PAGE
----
Sir Harold W. Kroto
The Nobel Prize in Chemistry 1996
Born: 7 October 1939, Wisbech, United Kingdom
Died: 30 April 2016, Lewes, East Sussex, United Kingdom
Affiliation at the time of the award: University of Sussex, Brighton, United Kingdom
Prize motivation: "for their discovery of fullerenes."
Prize share: 1/3
Carbon is an element that can assume a number of different forms. In nature, for example, graphite and diamonds appear. In 1985 Harold Kroto, Robert Curl, and Richard Smalley irradiated a surface of graphite with laser pulses so that carbon gas was formed. When the carbon gas condensed, previously unknown structures with 60 and 70 carbon atoms were formed. The most common structure had 60 carbon atoms arranged in a sphere with five and six edges. The structures were called fullerenes in honor of architect Buckminster Fuller, who worked with this geometric shape.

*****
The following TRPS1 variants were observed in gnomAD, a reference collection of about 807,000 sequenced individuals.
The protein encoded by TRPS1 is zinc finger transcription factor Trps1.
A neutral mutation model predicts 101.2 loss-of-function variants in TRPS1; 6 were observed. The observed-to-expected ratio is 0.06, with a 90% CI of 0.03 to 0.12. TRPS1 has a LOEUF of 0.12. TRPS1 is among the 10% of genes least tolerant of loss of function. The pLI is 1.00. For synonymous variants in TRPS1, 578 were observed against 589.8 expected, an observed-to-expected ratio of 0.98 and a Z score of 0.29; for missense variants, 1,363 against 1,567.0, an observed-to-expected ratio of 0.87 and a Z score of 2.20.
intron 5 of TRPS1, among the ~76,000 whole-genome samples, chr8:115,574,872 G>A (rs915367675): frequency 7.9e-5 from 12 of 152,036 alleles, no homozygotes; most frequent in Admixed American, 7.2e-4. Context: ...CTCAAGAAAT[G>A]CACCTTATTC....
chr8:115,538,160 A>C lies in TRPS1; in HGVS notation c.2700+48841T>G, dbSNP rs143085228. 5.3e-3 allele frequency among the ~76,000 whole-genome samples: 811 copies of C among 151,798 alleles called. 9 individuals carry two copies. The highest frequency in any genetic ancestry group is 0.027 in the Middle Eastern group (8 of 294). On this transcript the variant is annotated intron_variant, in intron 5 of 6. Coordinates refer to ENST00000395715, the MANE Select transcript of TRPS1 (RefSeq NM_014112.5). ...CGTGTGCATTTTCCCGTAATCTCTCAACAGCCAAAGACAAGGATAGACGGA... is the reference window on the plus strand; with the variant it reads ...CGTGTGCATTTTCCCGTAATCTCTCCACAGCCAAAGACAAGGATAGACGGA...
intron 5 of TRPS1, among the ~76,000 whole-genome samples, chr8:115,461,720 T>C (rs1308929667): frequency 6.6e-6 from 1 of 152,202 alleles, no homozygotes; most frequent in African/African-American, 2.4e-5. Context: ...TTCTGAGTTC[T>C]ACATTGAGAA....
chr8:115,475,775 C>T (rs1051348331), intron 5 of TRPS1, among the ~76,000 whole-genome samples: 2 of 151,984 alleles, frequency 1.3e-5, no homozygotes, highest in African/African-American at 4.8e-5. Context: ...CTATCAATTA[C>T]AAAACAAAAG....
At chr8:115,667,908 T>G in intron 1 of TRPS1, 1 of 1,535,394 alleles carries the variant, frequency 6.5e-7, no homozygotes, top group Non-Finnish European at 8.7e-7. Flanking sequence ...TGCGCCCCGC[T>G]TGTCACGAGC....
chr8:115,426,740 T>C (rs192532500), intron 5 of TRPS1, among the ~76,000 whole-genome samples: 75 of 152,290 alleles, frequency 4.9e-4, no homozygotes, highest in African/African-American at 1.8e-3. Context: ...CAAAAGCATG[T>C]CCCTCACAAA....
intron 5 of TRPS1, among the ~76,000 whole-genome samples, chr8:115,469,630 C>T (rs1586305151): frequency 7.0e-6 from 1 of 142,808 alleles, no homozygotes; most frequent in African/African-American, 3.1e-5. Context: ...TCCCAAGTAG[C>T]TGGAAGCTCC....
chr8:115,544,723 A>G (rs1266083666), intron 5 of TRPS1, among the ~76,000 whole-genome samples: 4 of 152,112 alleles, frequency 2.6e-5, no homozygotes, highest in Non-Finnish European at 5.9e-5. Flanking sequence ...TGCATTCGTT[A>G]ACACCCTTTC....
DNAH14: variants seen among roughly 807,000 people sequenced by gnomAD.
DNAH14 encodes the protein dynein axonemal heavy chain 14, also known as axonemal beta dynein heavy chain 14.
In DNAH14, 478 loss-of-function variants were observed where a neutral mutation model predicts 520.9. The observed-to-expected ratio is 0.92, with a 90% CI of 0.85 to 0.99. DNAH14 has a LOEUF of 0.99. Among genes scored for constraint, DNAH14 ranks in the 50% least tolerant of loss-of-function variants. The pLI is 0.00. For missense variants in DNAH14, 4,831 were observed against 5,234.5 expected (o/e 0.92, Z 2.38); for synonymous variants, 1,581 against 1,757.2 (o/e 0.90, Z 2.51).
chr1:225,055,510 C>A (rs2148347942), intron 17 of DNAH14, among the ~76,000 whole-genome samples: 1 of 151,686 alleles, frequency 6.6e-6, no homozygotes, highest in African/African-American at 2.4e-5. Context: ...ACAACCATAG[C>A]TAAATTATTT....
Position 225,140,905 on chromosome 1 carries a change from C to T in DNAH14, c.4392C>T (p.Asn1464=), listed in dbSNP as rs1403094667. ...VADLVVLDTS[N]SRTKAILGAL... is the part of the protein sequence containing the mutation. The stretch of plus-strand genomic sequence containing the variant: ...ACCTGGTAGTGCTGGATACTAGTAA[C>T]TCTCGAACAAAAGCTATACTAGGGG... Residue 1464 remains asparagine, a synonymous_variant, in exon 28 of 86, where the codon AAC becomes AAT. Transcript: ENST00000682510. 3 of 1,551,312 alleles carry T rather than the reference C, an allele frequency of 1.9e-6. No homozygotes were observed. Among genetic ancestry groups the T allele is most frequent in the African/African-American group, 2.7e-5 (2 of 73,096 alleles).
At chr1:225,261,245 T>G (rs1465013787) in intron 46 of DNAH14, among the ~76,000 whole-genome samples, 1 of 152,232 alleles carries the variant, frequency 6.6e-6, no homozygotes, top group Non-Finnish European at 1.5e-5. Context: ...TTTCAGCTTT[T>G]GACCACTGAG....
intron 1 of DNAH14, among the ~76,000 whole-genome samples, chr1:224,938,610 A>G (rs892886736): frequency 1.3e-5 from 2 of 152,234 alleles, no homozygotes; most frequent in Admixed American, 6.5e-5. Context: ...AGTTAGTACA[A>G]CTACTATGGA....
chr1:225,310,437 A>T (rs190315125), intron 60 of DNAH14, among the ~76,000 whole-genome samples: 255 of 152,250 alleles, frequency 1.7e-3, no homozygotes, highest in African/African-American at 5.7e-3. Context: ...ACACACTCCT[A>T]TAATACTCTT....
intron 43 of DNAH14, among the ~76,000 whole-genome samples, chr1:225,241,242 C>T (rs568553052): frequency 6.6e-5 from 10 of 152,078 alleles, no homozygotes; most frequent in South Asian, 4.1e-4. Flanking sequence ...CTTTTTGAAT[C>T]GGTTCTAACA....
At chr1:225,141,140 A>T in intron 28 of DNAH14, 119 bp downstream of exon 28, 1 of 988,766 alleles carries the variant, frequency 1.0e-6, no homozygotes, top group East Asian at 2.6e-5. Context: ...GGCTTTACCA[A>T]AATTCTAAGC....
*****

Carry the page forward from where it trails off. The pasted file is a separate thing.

Their work and discoveries range from cancer therapy and laser physics to developing proteins that can solve humankind’s chemical problems. The work of the 2018 Nobel Laureates also included combating war crimes, as well as integrating innovation and climate with economic growth. Find out more.